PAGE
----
- Global stocks rose on Monday after US authorities signalled the possibility of a potential coronavirus vaccine before the presidential election in November.
- President Trump’s administration is said to consider fast-tracking an experimental COVID-19 vaccine from the UK ahead of the looming election.
- On Sunday, the US Food and Drug Administration issued an “emergency use authorization” for the use of convalescent plasma to treat COVID-19.
- “Markets were willing to look beyond the president’s geopolitical needling to focus on celebrating this moment of progress,” a financial analyst said.
- Visit Business Insider’s homepage for more stories.
Global stocks rose on Monday after US authorities issued an “emergency use authorization” for the use of blood plasma to treat COVID-19.
The S&P 500 rose 0.8% as investors looked past the rising number of new coronavirus infections in Europe, and chose to focus instead on signals from the US that it could deliver a vaccine soon.
President Trump’s administration is mulling speeding up the availability of an experimental COVID-19 vaccine from the UK ahead of the November 3 presidential election, the Financial Times reported on Sunday.
The vaccine candidate is under development by AstraZeneca in coordination with scientists from the University of Oxford, but falls short of the number of participants usually required for FDA approval.
Trump said the FDA’s approval to use convalescent plasma is a “breakthrough” in the treatment of coronavirus, despite it still being unclear whether the treatment actually works.
“Donald Trump was in danger of undermining sentiment as he once again labelled COVID-19 as the ‘China virus’ during the announcement,” said Connor Campbell, a financial analyst at SpreadEx.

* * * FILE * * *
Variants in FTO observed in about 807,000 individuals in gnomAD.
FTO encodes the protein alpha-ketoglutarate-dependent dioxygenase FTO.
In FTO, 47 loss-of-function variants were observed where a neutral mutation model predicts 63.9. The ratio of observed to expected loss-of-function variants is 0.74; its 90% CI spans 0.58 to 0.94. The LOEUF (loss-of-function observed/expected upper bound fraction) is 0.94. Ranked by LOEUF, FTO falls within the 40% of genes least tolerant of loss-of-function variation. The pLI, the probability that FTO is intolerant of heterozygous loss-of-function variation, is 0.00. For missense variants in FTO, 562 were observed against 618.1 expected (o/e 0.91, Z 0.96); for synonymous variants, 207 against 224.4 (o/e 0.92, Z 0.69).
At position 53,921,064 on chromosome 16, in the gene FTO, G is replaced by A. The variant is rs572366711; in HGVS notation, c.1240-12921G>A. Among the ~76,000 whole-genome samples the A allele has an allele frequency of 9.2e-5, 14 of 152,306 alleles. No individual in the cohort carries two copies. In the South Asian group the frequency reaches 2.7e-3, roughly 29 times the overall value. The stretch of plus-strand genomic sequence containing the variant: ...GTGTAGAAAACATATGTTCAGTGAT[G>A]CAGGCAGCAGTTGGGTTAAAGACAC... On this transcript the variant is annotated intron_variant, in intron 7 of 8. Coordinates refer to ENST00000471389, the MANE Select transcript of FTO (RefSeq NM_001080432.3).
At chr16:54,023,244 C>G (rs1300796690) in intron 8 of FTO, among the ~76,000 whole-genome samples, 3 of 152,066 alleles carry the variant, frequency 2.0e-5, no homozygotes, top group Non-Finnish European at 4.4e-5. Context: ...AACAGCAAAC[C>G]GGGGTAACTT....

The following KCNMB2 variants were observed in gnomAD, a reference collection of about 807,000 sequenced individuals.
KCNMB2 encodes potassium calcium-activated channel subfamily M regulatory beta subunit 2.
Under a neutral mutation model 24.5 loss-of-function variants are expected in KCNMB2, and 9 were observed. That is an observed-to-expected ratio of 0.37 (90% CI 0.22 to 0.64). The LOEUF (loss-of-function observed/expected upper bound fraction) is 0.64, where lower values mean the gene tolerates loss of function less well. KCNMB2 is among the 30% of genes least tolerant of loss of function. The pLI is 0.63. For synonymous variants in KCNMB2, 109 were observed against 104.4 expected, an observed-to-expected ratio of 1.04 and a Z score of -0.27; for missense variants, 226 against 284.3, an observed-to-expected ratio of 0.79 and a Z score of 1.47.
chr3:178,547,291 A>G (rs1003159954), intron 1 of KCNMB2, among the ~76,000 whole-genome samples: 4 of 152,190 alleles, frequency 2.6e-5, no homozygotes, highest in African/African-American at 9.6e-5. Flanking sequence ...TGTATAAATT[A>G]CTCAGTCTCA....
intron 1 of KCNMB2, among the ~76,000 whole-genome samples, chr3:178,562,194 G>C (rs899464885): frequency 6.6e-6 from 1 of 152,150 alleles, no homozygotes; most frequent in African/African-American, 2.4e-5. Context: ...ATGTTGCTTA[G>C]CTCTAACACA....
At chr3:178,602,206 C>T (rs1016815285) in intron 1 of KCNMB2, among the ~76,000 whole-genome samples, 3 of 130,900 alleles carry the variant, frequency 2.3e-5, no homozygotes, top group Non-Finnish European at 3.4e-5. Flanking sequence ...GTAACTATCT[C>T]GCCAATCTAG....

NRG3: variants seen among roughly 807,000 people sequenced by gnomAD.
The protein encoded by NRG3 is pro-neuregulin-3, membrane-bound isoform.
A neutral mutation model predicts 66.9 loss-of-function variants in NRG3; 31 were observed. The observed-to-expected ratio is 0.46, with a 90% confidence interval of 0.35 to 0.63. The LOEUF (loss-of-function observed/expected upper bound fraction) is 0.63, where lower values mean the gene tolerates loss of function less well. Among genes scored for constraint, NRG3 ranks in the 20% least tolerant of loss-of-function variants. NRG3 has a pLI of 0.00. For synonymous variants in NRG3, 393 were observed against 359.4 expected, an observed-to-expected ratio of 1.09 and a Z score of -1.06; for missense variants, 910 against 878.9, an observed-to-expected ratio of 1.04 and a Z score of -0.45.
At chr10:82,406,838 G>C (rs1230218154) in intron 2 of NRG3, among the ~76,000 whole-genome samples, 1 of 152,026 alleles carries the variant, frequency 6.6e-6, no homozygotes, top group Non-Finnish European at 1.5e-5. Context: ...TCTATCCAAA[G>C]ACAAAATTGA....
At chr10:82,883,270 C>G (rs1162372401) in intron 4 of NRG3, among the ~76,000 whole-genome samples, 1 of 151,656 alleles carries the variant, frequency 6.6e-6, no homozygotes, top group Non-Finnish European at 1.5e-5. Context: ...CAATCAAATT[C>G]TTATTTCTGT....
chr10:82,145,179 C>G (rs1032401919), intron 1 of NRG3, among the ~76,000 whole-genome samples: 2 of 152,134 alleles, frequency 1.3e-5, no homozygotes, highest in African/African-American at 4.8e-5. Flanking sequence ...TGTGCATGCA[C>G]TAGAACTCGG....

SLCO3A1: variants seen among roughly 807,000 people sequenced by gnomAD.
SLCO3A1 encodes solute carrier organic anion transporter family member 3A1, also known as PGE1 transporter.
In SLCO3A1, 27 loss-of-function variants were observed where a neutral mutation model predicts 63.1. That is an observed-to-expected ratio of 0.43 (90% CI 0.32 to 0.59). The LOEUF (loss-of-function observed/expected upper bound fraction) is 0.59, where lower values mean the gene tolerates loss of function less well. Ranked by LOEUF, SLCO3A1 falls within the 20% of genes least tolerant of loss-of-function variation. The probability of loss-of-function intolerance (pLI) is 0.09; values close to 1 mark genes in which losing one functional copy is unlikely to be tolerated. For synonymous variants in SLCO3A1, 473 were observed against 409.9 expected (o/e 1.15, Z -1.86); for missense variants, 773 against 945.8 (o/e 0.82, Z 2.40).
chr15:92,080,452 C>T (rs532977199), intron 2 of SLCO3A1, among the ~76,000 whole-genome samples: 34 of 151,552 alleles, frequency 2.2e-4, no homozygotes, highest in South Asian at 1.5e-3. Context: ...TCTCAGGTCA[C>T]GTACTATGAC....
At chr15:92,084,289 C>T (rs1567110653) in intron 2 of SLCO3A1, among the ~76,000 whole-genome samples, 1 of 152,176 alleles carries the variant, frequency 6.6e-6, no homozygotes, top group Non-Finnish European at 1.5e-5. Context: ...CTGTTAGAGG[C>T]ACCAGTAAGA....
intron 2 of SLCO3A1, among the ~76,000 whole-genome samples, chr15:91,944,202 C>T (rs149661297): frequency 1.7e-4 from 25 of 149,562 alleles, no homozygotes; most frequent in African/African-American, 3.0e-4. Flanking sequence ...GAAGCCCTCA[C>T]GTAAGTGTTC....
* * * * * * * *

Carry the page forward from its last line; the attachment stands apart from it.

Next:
“However, the markets were willing to look beyond the President’s geopolitical needling to focus on celebrating this moment of progress.”
Trump’s will to deliver a vaccine before the November 3rd election “could be a gamechanger for the president as he looks to secure an unlikely second term,” said Craig Erlam, a senior market analyst at OANDA.
Analysts said investors will look ahead to the Kansas City Fed’s virtual Jackson Hole economic symposium later this week, where central bank chairman Jay Powell is expected to provide new details on the bank’s monetary policy review.
Jackson Hole will likely be Powell’s first public speech since the Fed’s policy meeting in late July, when the bank restated its commitment to using all tools required to support the economy.
Here’s the market roundup as of 2.05 p.m. in London (9.05 a.m. ET):
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- Asian indexes finished higher with China’s Shanghai Composite up 0.2%, Hong Kong’s Hang Seng up 1.7%, and Japan’s Nikkei up 0.3%.
- European equities rose, with Germany’s DAX up 2.2%, Britain’s FTSE 100 up 1.7%, and the Euro Stoxx 50 up 1.9%.
- Futures underlying the Dow Jones Industrial Average, the S&P 500, and the US Tech 100 rose 1%.
- Oil prices rose, with West Texas Intermediate up 0.8% at $42, and Brent crude up 1% at $45.
- The benchmark 10-year Treasury yield fell to 0.63%.
- Gold rose 0.4% to $1,955 per ounce.
Read More: ‘Unintended detrimental consequences’: A former Wall Street chief strategist says the Fed has driven flimsy stock-market highs that will come crashing down – and warns bullish day-traders will be futile to stop it
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